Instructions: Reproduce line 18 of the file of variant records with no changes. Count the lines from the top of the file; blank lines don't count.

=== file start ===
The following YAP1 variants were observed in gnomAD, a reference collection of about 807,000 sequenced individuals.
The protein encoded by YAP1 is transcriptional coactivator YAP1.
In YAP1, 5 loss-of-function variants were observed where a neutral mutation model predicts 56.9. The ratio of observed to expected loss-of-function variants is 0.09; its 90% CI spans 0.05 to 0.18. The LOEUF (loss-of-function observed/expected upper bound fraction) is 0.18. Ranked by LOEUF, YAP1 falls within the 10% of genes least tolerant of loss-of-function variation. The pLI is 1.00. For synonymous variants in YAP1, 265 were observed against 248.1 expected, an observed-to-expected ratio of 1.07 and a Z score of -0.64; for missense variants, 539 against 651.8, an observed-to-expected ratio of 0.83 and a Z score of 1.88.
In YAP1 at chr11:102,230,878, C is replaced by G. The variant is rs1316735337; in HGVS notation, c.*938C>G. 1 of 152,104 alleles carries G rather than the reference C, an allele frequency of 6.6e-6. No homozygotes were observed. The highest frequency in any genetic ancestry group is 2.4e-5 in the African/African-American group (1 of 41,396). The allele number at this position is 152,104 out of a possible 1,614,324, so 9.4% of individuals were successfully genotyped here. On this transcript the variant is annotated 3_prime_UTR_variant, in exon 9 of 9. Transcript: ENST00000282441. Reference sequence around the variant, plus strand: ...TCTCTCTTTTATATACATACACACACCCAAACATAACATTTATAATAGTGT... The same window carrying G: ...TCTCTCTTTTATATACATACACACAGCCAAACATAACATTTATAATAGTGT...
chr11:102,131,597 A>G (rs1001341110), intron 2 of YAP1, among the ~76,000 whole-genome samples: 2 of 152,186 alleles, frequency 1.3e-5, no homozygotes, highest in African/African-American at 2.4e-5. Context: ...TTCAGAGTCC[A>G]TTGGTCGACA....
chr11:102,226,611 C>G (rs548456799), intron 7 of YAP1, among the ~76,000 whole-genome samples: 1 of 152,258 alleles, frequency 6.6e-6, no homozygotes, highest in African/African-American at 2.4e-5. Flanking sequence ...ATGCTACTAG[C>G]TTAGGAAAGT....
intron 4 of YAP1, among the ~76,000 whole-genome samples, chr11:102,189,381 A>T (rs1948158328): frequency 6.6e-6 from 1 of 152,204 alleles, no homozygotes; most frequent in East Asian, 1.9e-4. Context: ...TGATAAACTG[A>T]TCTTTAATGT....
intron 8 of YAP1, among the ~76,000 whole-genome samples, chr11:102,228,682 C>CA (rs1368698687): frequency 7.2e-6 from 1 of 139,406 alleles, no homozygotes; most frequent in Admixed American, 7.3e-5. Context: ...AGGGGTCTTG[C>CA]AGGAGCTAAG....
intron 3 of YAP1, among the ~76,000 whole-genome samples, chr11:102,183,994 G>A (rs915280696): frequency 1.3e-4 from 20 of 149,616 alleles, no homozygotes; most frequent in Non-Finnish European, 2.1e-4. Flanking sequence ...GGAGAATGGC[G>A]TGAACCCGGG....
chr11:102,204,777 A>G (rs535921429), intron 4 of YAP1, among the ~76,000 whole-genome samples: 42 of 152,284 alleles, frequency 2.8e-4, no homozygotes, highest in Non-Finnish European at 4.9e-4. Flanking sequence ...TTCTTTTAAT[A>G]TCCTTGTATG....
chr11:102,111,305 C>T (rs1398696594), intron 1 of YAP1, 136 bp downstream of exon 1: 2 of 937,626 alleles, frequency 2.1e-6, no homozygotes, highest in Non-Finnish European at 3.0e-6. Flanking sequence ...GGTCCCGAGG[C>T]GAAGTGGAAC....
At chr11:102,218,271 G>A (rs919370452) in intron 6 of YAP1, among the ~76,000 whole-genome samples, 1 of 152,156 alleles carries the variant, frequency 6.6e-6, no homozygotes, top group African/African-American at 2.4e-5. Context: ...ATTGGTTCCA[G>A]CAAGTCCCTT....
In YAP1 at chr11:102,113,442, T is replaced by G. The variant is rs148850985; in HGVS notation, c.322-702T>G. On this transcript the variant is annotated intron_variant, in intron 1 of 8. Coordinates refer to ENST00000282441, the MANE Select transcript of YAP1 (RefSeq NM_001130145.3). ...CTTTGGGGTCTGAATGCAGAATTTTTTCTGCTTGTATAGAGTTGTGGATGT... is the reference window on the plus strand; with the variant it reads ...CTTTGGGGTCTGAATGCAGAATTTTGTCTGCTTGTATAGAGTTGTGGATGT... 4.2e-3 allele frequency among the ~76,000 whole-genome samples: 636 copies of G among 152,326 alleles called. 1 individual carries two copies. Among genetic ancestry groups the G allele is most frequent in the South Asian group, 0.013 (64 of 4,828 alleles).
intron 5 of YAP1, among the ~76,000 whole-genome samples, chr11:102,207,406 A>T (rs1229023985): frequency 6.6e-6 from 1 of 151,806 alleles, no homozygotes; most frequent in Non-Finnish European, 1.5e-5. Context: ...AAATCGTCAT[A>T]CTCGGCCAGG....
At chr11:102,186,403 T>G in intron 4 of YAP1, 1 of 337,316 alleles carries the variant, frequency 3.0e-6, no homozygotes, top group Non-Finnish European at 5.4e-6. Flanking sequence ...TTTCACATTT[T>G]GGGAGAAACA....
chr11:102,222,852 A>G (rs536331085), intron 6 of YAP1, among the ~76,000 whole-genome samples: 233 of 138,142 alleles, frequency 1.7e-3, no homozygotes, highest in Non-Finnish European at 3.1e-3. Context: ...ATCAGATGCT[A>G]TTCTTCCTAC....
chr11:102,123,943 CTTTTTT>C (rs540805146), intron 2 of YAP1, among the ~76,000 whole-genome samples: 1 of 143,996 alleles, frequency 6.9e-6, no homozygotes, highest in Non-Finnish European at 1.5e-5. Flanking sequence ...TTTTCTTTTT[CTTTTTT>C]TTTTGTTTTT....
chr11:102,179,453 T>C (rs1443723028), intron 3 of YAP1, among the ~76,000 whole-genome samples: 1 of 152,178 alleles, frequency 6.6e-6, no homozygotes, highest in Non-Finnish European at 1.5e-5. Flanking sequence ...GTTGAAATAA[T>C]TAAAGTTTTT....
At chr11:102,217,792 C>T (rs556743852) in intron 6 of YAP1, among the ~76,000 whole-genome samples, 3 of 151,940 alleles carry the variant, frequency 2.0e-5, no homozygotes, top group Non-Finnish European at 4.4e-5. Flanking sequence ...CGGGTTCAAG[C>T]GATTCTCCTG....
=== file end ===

chr11:102,179,453 T>C (rs1443723028), intron 3 of YAP1, among the ~76,000 whole-genome samples: 1 of 152,178 alleles, frequency 6.6e-6, no homozygotes, highest in Non-Finnish European at 1.5e-5. Flanking sequence ...GTTGAAATAA[T>C]TAAAGTTTTT....